Thousands protest Australia Day celebrations

Tens of thousands of Australians took to the streets to protest a contentious national holiday that also marks the arrival of European colonists more than 200 years ago.

In Sydney, Melbourne and several other cities, thousands of “Invasion Day” protesters on Friday demanded that the date of the annual Australia Day celebrations be changed.

The public holiday is held on January 26 every year.

For most Australians, it is synonymous with a day off work, a barbecue, Test match cricket, a trip to the beach and the end of the summer holidays.

But the choice of date, which marks the arrival of European settlers at Sydney Harbour in 1788, has become increasingly contentious.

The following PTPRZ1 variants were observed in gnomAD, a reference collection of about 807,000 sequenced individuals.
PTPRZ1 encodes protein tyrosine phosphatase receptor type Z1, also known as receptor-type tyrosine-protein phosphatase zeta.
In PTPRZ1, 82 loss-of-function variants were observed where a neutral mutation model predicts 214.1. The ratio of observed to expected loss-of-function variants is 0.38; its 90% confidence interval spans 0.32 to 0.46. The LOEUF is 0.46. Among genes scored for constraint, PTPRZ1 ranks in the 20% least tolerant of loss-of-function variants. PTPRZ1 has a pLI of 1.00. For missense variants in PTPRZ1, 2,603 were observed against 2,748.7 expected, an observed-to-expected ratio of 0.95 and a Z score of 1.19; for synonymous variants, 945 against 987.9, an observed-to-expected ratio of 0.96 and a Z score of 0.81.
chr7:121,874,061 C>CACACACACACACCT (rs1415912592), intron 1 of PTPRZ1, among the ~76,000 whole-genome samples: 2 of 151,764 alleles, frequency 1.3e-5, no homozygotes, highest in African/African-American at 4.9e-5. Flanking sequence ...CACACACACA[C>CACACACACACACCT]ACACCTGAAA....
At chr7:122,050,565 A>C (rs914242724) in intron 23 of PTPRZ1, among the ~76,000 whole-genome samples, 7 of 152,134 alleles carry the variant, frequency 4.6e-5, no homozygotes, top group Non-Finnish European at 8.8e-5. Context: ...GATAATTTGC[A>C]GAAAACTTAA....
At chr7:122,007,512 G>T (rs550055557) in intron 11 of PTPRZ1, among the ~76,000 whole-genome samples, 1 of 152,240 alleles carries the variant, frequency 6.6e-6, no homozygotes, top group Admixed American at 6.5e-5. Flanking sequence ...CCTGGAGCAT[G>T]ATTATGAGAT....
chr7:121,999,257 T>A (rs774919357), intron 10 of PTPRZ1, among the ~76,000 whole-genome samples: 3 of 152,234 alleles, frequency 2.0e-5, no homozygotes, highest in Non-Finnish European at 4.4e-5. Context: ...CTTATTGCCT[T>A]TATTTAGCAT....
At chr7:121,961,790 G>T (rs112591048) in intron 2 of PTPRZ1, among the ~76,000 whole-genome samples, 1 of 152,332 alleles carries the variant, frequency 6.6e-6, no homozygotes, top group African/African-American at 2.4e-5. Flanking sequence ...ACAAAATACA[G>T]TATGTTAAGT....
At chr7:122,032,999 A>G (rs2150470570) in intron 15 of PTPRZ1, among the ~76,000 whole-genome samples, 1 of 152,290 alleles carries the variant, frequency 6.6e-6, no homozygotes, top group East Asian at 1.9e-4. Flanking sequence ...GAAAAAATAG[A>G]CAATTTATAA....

Indigenous activists say the arrival of Europeans heralded the start of a centuries-long campaign of cultural genocide.

In sweltering Sydney, protesters braved 38 Celsius (100 Fahrenheit) heat and the ferocious southern sun to wave black, red and yellow Aboriginal flags and chant that the land “always was, always will be” Indigenous.

A banner read “No pride in Australia’s genocide”.

On the eve of Australia Day, a statue of Captain James Cook, who mapped the coast around Sydney in the 18th century and first claimed the territory for Britain, was sawn off at the ankles, while a monument to Queen Victoria was doused in red paint.

Polls show a majority of Australians want to keep the public holiday, but are split roughly 50-50 about changing the date.

Just under 4 percent of Australia’s 26 million people are Indigenous.

Source: Thanks